For this show, I sat down with Tim Moad, an expert in user experience, who lives just north of Sydney, Australia. We discussed the entire UX process, various misconceptions about user experience in the market, how to use UX as a founder and various mistakes that founders make, when using or thinking about using UX, to help their business grow.
Nick Duncan: Hey Tim, thank you for joining us. I’ve been following you for a while on Twitter and I’ve noticed you have a ton of experience in the UX field. We’re really excited to have you on the show. Can you tell our listeners a little bit about your background and career?
Tim Moad: Hey Nick. Thanks for having me on. I’d love to tell you a bit about my background. Ultimately, I am a boot strap entrepreneur and human-centered designer. I come from a background of working in primarily design, but also branding and marketing and most of all UX.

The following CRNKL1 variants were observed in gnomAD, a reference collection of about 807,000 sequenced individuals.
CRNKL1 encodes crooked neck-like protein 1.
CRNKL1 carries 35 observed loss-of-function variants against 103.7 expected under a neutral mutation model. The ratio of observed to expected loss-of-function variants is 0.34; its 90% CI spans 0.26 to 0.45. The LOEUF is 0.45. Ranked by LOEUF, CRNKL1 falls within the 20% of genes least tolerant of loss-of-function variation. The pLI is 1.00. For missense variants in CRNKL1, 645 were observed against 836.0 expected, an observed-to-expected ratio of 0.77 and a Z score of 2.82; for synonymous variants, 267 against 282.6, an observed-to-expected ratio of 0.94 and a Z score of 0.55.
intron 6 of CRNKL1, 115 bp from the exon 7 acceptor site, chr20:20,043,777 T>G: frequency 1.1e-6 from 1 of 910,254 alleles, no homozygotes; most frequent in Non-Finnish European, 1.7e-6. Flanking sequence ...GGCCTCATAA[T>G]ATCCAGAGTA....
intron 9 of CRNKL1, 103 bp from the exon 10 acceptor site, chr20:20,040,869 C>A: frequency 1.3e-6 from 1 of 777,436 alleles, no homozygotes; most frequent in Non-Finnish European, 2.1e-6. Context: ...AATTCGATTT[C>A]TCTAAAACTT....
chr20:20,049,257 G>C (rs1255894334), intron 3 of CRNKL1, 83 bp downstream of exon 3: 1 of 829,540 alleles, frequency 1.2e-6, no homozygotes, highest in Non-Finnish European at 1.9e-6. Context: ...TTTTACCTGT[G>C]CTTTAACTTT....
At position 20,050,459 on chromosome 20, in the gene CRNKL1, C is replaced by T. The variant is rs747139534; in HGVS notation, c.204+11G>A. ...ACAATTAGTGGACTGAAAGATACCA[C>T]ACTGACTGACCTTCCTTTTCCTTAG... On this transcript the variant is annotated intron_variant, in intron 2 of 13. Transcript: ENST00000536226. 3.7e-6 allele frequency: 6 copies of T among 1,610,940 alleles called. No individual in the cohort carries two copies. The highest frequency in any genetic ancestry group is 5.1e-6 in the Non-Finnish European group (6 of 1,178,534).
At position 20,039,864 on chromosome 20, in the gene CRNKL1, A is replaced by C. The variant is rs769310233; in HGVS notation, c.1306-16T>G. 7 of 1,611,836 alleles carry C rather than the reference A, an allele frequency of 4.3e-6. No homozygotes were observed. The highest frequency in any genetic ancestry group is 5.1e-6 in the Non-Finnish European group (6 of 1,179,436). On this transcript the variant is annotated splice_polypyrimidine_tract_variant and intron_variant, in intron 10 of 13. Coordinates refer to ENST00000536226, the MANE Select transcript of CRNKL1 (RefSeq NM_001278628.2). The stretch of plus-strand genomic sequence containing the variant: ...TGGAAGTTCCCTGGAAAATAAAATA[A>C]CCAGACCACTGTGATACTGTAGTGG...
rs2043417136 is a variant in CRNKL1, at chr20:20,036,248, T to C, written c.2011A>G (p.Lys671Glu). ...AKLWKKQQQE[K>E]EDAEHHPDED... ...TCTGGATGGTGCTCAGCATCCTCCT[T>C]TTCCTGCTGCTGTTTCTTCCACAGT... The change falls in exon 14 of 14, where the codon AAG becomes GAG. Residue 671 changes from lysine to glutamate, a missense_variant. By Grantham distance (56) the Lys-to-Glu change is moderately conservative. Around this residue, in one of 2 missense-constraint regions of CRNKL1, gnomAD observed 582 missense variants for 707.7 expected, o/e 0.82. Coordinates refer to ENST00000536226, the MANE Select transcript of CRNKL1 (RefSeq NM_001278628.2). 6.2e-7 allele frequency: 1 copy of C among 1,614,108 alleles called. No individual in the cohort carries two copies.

Tim Moad: I decided quite early, on that nine to five wasn’t really for me and moved into working for startups and my own business, The Proto Process. So before all that, I was really, quite deeply ingrained in the digital agency I was working at, doing custom builds and digital marketing and things like that.
Tim Moad: From there I decided just to kind of, quit my job and start up fresh and start my own business. To fund that alongside, I started working with adults with disabilities and I worked to provide strategies to allow individuals to live, as independently as possible.
Tim Moad: So that’s where the human-centered design aspect of my day to day comes in. But now, most of my time is spent on my business, the Proto Process, where we help people pursue purpose driven careers and create positive change for user experience design.
What is UX?
Nick Duncan: Can you tell our listeners what exactly is UX and how does understanding it and practicing it, make for a better founder?